"While we think we're currently winning against Russia in the boxing ring by simply striking it with punches and points, Russia thinks it's earning points just for enduring these punches," the EDF chief explained. "They can lose 600 or 800 [troops] a day and it'll just keep on coming. That's just a cultural difference. For us, all of this would have long since been shocking and we would be seeking peace, but for Russia it suits them somehow."
It is for this reason he believes that time is currently moreso on Russia's side right now.
"Russia's standards are different than ours," Herem said. "And if we saw the kinds of losses Russia is seeing today, we'd be weak already. But the West has of course also adapted significantly to all of this, so I'd like to hope that we have more resources. It isn't perhaps so much a question of resources as how much either of us is willing to suffer. Europe has way, way more resources, no question — just, are we willing to pour it into the war machine?"
War may be over this time next year, but results unclear
The commander of the EDF believes that the war may be over by a year from now, but it's difficult to forecast what its outcome will be.
"Will we be talking about what Russia's next steps will be following defeat — I'd very much like to hope we'll be talking about that — or will we be talking about the frozen conflict that has arisen?" he asked. "And how we have to prepare for this conflict developing in our direction as well, that's another matter altogether. I'd like to hope that we'll be talking about what Russia will do now that it's been defeated."
Should Russia be defeated and withdraw from Ukraine, Herem believes it will look for somewhere to prove itself once again.
"I can see that in that case, Russia will have lost territory that it had openly declared as its own, it will have lost people and its reputation, and such a criminal ruling culture will certainly seek to improve its image afterward, and it has to be victorious somewhere — it has to be arrogant somewhere," he explained.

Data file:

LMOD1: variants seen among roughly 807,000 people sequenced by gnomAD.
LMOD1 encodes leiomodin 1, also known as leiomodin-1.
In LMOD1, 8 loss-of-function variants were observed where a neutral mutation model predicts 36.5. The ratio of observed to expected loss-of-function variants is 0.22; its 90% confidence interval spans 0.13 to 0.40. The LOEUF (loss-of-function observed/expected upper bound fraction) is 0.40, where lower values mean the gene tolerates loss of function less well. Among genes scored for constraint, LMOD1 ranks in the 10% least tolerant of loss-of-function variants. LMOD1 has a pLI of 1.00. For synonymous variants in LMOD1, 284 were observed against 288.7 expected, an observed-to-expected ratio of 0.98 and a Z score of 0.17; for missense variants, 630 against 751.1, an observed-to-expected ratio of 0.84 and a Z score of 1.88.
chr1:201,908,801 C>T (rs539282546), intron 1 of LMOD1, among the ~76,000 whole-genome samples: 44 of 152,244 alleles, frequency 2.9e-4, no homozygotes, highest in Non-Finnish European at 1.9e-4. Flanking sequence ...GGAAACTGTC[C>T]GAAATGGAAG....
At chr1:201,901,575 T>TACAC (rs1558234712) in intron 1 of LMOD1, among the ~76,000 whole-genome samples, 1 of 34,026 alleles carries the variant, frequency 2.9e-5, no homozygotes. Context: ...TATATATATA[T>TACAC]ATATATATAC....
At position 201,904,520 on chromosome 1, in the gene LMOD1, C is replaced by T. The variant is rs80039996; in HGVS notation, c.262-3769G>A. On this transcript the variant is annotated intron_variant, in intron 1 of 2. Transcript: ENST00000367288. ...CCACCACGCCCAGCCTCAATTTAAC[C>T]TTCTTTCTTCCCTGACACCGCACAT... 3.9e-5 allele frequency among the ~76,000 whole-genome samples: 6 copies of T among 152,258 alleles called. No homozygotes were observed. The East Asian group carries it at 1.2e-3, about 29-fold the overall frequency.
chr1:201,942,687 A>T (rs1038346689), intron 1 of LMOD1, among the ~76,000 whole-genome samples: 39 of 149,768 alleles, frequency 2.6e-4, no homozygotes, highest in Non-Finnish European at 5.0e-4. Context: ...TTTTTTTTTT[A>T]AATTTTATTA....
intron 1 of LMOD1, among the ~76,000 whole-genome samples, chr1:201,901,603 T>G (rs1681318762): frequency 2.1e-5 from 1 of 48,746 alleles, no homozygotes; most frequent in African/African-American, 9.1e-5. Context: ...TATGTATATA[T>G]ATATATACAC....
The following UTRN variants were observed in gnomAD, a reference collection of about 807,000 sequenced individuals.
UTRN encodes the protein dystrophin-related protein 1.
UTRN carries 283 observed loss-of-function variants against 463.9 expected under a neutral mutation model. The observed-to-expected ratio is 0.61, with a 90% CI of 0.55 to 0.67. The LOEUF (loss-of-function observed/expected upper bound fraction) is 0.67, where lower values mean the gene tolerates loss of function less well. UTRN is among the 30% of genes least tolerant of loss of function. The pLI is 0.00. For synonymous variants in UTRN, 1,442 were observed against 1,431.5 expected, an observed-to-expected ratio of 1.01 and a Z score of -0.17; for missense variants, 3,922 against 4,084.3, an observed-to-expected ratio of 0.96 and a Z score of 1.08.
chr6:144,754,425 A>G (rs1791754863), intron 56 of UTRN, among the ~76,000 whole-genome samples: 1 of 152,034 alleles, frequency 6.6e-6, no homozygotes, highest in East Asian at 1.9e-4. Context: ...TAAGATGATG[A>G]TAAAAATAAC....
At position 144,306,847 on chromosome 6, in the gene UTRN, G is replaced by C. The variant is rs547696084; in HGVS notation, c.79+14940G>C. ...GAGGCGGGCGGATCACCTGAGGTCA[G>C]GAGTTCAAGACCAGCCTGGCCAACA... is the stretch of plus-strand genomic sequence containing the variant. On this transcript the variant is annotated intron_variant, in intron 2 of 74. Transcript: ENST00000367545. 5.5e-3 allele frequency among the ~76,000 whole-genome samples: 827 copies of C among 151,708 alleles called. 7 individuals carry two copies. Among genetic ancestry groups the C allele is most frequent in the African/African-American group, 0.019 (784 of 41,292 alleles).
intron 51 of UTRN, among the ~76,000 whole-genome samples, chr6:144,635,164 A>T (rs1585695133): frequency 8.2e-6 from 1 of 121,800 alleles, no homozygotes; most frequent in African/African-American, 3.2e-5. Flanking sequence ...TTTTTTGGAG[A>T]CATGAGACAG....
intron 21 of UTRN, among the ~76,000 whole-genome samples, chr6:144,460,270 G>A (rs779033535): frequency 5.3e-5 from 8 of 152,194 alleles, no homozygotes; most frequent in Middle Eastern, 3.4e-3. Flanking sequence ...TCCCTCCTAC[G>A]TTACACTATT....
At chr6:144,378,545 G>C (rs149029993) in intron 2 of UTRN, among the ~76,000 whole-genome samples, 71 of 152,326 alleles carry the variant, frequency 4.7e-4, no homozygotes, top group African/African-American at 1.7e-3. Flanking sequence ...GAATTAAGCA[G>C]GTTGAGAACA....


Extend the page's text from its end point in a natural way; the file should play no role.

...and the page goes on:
"So what will happen? What will happen is that it will look for somewhere to prove itself," he continued. "That could be anywhere. It could even be a NATO country, should the global situation allow. It could also be Estonia, Latvia, or somewhere else. But for this [to happen], the world has to provide the opportunity — economic crises, countries in conflict, a country in internal conflict, some sort of tensions, all of that is very dangerous. Regardless of which country. And it's obvious Russia isn't very discouraged by the losses it could incur there."
According to Herem, Russia is in fact contributing to this effect, which it can later take advantage of in so-called information and psychological operations.
"By achieving instability, it still feels like a winner and feels powerful against regions where it has generated instability," he said.
The most important lesson of the war, according to the EDF commander, is that Russia isn't invincible and that, if prepared, a country can very successfully defend itself.
"The Ukrainians have proven this, because they did in fact prepare a great seal, although we didn't see all of that, and the Ukrainians have said this in recommending we prepare more of one thing or another," Herem said. "So we have a great deal of I don't know if hope, but opportunities certainly."
He finds Russian soldiers' brutality against Ukraine's civilian population to be the most shocking aspect of the past year of the war.
"The way not just buildings, but the population has been treated that has remained on these territories — that is the most shocking," Herem admitted. "We haven't seen photos of everything by a long shot. But the stories of what has been done to people, torture — not even for information, but to show superiority — rapes, torture, murders — this is something the likes of which I wouldn't have expected from this conflict."
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Editor: Aili Vahtla